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Subj: Re: Milton Friedman: Economist
Posted: Tue Oct 14, 2008 at 10:07:41 pm EDT (Viewed 612 times)
Reply Subj: Milton Friedman: Economist
Posted: Tue Oct 14, 2008 at 07:28:00 pm EDT (Viewed 732 times)

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Go to and you'll find the following paragraph:

In 1970 Milton Friedman wrote that "there is one and only one social responsibility of business--to use its resources and engage in activities designed to increase its profits so long as it stays within the rules of the game, which is to say, engages in open and free competition without deception or fraud." That's the orthodox view among free market economists: that the only social responsibility a law-abiding business has is to maximize profits for the shareholders.

Do you agree or disagree with Milton Friedman and the orthodoxy view among free market economists?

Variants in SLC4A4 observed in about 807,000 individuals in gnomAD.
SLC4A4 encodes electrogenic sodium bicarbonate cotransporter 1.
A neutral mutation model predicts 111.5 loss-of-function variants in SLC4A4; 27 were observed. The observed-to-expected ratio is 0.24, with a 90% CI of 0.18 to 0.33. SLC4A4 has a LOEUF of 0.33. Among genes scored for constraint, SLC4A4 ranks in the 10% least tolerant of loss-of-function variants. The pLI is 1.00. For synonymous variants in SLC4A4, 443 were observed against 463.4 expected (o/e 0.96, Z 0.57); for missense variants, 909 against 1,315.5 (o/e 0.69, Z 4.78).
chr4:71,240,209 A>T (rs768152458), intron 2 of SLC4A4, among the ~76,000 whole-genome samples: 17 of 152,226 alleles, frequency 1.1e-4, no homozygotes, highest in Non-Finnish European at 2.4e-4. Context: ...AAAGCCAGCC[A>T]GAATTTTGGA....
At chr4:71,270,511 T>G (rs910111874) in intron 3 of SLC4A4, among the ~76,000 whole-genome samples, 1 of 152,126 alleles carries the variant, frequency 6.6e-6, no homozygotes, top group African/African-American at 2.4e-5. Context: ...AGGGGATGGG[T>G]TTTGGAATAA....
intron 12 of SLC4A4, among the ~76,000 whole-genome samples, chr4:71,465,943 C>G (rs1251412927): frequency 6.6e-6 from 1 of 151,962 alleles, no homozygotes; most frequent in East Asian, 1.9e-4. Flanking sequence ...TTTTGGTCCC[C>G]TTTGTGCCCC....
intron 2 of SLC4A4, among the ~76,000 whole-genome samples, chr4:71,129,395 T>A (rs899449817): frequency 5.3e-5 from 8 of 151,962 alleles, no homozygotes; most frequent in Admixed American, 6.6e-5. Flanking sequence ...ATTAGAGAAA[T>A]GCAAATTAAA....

Other possible stakeholders of any business: its workers, its customers, its suppliers, its community, and its nation.


Friedman's quote is directly in line with Adam Smith's "invisible hand" idea. Each individual acts in the their own self-interest and by doing so promotes the interest of society even though they may not intend to do so. Friedman is saying that is true for companies too. By acting in their own self-interest to maximize profit, they are acting in the best interest of society. Thus companies have no more or less responsibility to society than that.

To answer your question, yes, I basically agree with it. Life is seldom perfect and markets are no exception, but the free market's track record of improving living standards, reducing poverty, and preventing a dismal existence is unmatched. "We the people" have yet to think of anything better.



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